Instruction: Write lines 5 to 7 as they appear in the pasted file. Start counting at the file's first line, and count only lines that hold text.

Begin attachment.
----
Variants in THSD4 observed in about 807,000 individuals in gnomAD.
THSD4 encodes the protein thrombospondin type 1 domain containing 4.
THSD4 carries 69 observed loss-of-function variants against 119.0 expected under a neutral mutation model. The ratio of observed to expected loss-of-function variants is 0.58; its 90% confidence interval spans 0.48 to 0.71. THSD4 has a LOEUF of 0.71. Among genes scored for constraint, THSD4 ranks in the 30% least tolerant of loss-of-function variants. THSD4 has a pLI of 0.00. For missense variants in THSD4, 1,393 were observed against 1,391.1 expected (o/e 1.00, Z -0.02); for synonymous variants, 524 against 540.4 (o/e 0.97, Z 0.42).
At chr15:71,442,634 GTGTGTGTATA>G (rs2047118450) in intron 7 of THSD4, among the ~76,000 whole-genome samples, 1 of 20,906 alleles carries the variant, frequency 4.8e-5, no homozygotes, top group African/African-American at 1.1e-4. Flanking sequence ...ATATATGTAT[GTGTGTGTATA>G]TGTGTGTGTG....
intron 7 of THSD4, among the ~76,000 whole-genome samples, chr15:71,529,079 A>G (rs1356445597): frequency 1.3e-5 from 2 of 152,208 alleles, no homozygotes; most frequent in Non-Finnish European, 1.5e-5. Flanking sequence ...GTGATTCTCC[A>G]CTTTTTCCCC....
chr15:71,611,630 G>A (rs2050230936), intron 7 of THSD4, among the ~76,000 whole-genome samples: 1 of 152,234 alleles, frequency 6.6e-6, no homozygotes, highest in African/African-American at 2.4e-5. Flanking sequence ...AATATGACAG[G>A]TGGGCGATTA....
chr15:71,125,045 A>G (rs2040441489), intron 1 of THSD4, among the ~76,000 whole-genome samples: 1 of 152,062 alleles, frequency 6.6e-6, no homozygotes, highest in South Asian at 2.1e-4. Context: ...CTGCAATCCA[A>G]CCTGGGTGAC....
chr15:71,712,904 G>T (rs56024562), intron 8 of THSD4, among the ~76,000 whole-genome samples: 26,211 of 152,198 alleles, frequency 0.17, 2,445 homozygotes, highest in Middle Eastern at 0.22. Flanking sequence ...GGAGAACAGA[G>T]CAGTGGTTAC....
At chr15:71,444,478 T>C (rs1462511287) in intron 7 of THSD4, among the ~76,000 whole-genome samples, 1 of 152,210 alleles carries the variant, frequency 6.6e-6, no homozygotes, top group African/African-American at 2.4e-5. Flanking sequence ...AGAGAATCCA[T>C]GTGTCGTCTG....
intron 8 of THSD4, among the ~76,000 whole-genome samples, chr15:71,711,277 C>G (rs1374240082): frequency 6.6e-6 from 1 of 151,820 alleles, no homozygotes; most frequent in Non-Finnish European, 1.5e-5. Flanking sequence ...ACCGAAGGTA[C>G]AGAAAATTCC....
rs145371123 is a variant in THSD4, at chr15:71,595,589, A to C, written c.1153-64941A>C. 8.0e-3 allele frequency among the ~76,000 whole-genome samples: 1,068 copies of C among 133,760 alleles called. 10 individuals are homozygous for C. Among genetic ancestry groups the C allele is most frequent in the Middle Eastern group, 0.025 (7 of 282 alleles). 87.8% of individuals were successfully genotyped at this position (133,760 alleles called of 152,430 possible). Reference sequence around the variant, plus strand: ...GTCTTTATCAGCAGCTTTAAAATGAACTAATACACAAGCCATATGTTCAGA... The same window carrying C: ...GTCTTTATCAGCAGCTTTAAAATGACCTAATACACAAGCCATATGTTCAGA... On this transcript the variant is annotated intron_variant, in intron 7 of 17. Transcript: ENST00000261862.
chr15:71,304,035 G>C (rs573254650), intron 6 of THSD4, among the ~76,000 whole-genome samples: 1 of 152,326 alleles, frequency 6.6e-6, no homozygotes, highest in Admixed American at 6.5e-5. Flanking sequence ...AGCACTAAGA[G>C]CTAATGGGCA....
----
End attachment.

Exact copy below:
intron 7 of THSD4, among the ~76,000 whole-genome samples, chr15:71,529,079 A>G (rs1356445597): frequency 1.3e-5 from 2 of 152,208 alleles, no homozygotes; most frequent in Non-Finnish European, 1.5e-5. Flanking sequence ...GTGATTCTCC[A>G]CTTTTTCCCC....
chr15:71,611,630 G>A (rs2050230936), intron 7 of THSD4, among the ~76,000 whole-genome samples: 1 of 152,234 alleles, frequency 6.6e-6, no homozygotes, highest in African/African-American at 2.4e-5. Flanking sequence ...AATATGACAG[G>A]TGGGCGATTA....
chr15:71,125,045 A>G (rs2040441489), intron 1 of THSD4, among the ~76,000 whole-genome samples: 1 of 152,062 alleles, frequency 6.6e-6, no homozygotes, highest in South Asian at 2.1e-4. Context: ...CTGCAATCCA[A>G]CCTGGGTGAC....